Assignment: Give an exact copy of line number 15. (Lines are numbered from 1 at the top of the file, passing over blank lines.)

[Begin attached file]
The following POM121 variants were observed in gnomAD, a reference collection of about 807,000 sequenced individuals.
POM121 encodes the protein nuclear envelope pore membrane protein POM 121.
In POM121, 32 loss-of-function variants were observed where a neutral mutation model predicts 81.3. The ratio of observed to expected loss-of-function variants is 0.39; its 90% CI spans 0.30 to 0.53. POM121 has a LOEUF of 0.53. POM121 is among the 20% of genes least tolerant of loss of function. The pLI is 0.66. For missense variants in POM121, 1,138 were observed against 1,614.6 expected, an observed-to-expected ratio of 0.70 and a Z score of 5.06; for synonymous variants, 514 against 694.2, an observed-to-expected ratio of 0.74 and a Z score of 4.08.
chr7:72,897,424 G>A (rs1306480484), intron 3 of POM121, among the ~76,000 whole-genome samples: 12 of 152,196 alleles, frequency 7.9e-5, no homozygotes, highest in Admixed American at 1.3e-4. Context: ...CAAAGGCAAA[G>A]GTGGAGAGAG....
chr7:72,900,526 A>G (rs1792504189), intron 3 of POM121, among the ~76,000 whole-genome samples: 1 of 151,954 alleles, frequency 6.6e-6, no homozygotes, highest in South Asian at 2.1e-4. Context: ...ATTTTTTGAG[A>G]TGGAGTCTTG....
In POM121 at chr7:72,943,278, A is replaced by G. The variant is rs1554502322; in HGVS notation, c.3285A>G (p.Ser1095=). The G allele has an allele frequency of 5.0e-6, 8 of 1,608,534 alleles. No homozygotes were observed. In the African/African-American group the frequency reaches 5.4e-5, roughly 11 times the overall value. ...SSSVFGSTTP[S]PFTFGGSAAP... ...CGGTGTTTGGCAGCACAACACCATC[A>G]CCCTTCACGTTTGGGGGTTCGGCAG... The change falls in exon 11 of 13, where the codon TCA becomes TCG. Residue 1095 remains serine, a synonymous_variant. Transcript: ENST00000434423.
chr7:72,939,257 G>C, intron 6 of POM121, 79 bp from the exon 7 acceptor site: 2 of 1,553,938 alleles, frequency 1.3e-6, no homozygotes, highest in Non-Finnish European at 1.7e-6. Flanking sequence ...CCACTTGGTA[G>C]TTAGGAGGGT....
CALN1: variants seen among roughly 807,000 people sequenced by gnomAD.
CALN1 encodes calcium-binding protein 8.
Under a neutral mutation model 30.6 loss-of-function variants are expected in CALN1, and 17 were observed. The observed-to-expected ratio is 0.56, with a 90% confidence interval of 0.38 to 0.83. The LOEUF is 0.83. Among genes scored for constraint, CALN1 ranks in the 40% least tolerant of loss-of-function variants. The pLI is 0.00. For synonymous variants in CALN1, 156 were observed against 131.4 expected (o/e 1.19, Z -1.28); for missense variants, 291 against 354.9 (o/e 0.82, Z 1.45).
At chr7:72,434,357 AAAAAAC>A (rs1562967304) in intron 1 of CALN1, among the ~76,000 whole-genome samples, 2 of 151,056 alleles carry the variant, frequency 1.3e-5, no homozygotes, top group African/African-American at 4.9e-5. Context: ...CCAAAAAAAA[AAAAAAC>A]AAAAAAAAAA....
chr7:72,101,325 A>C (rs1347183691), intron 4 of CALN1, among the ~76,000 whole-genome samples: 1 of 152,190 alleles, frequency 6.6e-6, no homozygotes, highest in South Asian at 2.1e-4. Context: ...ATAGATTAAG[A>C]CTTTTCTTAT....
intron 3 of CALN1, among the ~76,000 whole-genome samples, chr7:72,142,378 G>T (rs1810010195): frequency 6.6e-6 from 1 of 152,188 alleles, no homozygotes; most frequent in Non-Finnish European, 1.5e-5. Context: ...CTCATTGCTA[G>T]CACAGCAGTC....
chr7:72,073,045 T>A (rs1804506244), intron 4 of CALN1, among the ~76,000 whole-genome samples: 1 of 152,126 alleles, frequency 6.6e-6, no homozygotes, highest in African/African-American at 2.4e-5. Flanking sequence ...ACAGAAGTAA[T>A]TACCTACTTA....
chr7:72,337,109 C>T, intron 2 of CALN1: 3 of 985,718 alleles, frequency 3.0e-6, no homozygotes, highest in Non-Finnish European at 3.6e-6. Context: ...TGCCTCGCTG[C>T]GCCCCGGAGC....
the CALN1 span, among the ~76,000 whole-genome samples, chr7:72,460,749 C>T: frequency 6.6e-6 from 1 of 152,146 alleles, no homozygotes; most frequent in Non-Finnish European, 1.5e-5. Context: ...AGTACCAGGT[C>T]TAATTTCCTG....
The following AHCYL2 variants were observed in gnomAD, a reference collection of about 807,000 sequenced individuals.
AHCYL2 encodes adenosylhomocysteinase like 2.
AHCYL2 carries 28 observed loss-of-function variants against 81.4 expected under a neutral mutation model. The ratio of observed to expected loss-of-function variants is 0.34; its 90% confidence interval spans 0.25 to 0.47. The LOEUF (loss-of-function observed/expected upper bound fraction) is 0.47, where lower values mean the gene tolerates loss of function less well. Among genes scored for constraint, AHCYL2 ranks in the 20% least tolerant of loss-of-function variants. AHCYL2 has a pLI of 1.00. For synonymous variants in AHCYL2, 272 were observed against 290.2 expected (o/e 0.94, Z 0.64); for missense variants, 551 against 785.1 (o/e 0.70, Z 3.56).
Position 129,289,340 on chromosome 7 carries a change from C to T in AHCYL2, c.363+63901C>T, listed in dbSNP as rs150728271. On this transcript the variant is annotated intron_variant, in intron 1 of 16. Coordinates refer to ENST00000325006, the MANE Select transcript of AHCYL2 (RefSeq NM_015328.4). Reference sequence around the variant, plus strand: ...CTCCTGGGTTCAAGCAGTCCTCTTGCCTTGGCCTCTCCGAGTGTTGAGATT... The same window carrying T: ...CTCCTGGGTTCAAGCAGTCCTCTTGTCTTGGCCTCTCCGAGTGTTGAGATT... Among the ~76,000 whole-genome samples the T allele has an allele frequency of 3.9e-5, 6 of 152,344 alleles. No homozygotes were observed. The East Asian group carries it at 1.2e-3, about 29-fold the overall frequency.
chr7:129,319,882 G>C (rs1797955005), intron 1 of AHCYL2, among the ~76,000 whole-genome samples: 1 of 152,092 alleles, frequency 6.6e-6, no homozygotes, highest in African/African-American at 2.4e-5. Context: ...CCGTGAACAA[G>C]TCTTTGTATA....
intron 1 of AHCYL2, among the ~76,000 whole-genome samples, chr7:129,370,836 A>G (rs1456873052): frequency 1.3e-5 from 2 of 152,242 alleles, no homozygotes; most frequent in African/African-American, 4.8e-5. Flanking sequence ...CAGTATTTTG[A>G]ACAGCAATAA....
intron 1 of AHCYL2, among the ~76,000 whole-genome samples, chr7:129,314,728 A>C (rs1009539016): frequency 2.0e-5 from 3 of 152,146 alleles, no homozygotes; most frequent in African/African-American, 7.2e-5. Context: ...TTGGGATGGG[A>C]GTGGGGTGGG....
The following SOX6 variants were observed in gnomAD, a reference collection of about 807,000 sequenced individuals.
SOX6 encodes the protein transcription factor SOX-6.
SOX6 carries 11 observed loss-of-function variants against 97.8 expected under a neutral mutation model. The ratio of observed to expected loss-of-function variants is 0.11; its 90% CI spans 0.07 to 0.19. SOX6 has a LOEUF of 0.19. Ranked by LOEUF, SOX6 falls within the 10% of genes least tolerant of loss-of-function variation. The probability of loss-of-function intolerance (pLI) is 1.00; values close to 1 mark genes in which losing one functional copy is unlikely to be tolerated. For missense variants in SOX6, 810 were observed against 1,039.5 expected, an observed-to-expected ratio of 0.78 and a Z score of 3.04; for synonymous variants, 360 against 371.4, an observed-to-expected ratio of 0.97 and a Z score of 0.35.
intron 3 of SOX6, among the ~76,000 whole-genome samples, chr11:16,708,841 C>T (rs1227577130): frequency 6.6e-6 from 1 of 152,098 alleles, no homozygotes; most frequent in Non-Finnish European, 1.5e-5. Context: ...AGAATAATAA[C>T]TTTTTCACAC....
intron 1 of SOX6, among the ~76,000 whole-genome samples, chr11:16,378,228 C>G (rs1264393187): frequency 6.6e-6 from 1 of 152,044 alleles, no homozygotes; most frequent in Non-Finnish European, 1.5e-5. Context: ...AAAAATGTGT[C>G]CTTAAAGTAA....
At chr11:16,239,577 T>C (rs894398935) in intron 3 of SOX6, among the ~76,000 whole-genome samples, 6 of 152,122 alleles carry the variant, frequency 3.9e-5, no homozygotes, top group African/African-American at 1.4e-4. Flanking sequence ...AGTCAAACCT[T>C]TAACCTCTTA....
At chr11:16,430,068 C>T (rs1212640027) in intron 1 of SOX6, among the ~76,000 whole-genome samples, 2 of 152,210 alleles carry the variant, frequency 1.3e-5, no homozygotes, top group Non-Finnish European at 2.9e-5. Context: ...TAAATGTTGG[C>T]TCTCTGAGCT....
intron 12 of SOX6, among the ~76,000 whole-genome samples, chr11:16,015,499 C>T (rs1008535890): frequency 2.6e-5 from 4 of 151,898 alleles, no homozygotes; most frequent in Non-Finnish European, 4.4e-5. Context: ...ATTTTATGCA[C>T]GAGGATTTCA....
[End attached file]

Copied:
chr7:72,337,109 C>T, intron 2 of CALN1: 3 of 985,718 alleles, frequency 3.0e-6, no homozygotes, highest in Non-Finnish European at 3.6e-6. Context: ...TGCCTCGCTG[C>T]GCCCCGGAGC....